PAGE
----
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City Council Doubles Water Rates

Bob Kronovetrealty
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Santa Monica

Santa Monica Apartments

Santa Monica College
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Santa Monica, CA 90405
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By Jorge Casuso

January 30, 2020 -- Santa Monica residents, landlords and businesses will see their water and wastewater bills double over the next five years after the City Council approved new rates Tuesday.

City officials say the rates -- which affect 93,000 residents and 2,700 businesses -- will eliminate costly imported water and continue to pay to replace the city's water pipes.

“Local Santa Monica water will be even more dependable and more affordable in the long run," said Mayor McKeown in a statement issued after the vote.

"Our long-term investment in local water sources and infrastructure will save Santa Monicans money when distant water imported through quake-vulnerable aqueducts and pumped over mountain ranges becomes ever more expensive,” McKeown said.

Under the new rate structure, water and sewer bills will increase an average of 17 percent each year over the next five years ("City Council to Consider Doubling Water Rates by 2024," January 27, 2020).

That amounts to a $36 increase on an average bi-monthly bill for a single family home, a $48 increase for an 8-unit building and an $87 hike for a commercial building each year.

City officials say that even with the "substantial" increase Santa Monica's rates will remain among the lowest in the region because half of its water comes from 10 wells the City bought a century ago.

As part of the new rates, a drought rate structure will be established in case of a statewide emergency, City officials said.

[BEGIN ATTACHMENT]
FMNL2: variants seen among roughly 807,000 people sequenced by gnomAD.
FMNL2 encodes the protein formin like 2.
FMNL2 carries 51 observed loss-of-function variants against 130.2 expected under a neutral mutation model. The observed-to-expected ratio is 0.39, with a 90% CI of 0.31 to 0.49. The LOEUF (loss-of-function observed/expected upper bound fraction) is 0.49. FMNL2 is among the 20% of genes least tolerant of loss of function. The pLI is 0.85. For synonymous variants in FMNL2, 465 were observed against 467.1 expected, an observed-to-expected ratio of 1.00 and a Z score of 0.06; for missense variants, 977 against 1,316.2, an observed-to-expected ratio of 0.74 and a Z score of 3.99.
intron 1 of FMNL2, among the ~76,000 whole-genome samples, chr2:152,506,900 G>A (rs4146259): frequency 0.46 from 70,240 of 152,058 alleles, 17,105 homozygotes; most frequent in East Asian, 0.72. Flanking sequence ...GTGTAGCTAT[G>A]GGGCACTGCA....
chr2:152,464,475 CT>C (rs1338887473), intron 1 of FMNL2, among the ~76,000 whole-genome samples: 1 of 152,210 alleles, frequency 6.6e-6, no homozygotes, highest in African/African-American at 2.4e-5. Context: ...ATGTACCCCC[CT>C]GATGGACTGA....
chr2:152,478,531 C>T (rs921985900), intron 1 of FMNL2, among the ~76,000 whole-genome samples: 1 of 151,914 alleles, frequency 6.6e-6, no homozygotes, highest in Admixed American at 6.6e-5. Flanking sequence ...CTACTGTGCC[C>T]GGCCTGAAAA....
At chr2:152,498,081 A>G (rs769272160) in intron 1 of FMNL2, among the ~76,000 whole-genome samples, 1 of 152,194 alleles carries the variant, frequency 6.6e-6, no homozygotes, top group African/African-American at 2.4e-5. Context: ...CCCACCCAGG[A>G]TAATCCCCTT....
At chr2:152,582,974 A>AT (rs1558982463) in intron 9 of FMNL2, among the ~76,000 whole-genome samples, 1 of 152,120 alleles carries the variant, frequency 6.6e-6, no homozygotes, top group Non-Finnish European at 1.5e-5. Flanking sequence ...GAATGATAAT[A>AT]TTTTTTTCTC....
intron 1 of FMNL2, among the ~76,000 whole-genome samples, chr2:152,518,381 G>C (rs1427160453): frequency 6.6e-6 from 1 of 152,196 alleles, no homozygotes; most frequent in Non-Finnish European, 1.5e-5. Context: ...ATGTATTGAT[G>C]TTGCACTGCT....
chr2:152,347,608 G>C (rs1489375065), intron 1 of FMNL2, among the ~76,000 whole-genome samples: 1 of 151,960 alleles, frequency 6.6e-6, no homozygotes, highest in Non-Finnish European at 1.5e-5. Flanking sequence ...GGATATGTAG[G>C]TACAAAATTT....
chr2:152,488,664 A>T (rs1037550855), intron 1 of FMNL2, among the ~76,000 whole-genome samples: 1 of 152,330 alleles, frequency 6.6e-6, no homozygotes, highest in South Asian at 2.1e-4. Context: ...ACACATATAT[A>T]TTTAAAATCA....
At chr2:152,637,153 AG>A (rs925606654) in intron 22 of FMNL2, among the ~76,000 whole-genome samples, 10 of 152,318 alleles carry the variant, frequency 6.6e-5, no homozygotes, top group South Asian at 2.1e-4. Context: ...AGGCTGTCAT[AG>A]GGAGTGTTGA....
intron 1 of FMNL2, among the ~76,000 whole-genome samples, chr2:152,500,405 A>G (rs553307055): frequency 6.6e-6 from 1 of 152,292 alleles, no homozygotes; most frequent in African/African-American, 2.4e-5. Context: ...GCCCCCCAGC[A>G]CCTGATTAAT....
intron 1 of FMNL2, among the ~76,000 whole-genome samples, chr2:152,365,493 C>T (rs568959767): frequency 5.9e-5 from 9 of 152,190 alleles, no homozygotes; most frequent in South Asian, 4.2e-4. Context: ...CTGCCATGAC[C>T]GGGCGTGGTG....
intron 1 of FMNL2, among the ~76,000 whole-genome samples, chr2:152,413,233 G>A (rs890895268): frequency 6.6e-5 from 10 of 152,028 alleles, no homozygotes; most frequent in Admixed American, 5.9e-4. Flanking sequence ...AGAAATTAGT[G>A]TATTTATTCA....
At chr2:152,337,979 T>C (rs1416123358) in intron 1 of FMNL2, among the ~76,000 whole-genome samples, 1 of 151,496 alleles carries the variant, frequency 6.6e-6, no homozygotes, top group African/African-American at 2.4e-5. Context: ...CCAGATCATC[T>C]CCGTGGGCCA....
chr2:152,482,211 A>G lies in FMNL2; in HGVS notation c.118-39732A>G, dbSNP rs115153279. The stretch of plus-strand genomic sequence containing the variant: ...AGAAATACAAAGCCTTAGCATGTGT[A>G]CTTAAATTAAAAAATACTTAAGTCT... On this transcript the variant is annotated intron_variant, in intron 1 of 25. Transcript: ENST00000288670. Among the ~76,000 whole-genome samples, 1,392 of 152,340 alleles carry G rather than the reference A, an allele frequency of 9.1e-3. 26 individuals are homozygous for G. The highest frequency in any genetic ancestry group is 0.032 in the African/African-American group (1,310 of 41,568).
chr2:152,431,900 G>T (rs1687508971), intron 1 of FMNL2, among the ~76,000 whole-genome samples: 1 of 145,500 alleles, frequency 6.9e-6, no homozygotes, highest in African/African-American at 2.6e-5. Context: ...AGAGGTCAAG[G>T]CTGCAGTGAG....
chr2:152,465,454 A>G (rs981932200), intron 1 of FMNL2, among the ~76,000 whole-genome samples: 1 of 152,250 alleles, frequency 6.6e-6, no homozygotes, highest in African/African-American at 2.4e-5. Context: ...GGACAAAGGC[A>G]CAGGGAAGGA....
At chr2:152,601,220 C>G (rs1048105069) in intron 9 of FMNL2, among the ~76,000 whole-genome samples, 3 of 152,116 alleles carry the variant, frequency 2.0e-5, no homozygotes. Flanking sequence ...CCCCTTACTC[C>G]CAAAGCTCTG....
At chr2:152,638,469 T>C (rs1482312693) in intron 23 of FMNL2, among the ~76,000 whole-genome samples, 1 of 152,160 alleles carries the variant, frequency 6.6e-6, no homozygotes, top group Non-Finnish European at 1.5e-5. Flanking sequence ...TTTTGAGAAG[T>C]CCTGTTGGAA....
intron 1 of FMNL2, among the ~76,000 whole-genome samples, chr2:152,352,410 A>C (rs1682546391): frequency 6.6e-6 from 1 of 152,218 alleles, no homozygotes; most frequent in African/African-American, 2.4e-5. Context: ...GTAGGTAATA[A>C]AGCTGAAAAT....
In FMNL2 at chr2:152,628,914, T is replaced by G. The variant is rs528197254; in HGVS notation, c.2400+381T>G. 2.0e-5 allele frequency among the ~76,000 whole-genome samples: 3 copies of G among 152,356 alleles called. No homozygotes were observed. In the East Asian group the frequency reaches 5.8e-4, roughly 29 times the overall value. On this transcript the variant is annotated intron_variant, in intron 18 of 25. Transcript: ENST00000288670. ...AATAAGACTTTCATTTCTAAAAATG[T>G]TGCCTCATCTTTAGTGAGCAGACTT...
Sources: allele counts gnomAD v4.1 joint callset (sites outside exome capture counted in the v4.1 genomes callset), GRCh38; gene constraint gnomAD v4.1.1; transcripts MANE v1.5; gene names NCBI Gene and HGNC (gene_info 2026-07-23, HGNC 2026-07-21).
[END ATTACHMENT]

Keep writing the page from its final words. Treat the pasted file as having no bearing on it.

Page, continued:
Most neighborhood groups opposed the new rates, saying they are skeptical they will help meet the City's goal of eliminating imported water by 2023.

"Residents have taken the lead in water conservation, having sharply decreased their water usage, to an extent much greater than the City predicted," the North of Montana Association (NOMA) wrote in a letter to the Council.

"The City, on the other hand, has failed to establish a record over the last 5 years that leads to confidence among residents that it has a workable plan, that it has set out goals it can realistically achieve and that it has a full grasp of the current situation."

The letter was quoted by other neighborhood groups who wrote to the Council opposing the increases.

Opponents of the new rates warn that proposed developments in the City's planning pipeline will make the goal of being water self-sufficient a moving target.

"The City will never achieve water self-sufficiency if it continues to allow rampant, ill-advised development," wrote former Planning Commissioner Geraldine Kennedy.

"Developers surely make more per square inch by building hotel room sized units (and) packing in more users of water."

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